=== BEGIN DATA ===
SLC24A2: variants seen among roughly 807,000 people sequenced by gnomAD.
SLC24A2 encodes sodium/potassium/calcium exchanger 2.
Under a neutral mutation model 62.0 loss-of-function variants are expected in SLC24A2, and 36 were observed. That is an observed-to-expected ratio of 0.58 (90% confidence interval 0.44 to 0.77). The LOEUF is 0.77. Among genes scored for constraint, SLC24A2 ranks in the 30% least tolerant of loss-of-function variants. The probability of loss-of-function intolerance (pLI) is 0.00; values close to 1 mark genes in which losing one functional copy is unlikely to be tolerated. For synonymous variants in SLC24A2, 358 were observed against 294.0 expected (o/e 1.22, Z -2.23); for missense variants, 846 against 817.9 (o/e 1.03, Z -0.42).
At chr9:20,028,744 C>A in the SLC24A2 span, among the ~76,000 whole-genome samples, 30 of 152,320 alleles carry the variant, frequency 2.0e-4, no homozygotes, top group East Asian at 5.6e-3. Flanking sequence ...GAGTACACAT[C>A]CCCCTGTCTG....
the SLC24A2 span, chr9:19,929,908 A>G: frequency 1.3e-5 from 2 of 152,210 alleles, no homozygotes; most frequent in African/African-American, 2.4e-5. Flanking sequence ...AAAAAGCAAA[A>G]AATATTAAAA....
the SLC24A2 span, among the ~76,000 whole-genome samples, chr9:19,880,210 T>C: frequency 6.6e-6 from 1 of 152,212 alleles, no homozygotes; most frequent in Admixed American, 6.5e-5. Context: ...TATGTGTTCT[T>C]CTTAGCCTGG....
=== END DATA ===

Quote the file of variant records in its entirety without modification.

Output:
SLC24A2: variants seen among roughly 807,000 people sequenced by gnomAD.
SLC24A2 encodes sodium/potassium/calcium exchanger 2.
Under a neutral mutation model 62.0 loss-of-function variants are expected in SLC24A2, and 36 were observed. That is an observed-to-expected ratio of 0.58 (90% confidence interval 0.44 to 0.77). The LOEUF is 0.77. Among genes scored for constraint, SLC24A2 ranks in the 30% least tolerant of loss-of-function variants. The probability of loss-of-function intolerance (pLI) is 0.00; values close to 1 mark genes in which losing one functional copy is unlikely to be tolerated. For synonymous variants in SLC24A2, 358 were observed against 294.0 expected (o/e 1.22, Z -2.23); for missense variants, 846 against 817.9 (o/e 1.03, Z -0.42).
At chr9:20,028,744 C>A in the SLC24A2 span, among the ~76,000 whole-genome samples, 30 of 152,320 alleles carry the variant, frequency 2.0e-4, no homozygotes, top group East Asian at 5.6e-3. Flanking sequence ...GAGTACACAT[C>A]CCCCTGTCTG....
the SLC24A2 span, chr9:19,929,908 A>G: frequency 1.3e-5 from 2 of 152,210 alleles, no homozygotes; most frequent in African/African-American, 2.4e-5. Flanking sequence ...AAAAAGCAAA[A>G]AATATTAAAA....
the SLC24A2 span, among the ~76,000 whole-genome samples, chr9:19,880,210 T>C: frequency 6.6e-6 from 1 of 152,212 alleles, no homozygotes; most frequent in Admixed American, 6.5e-5. Context: ...TATGTGTTCT[T>C]CTTAGCCTGG....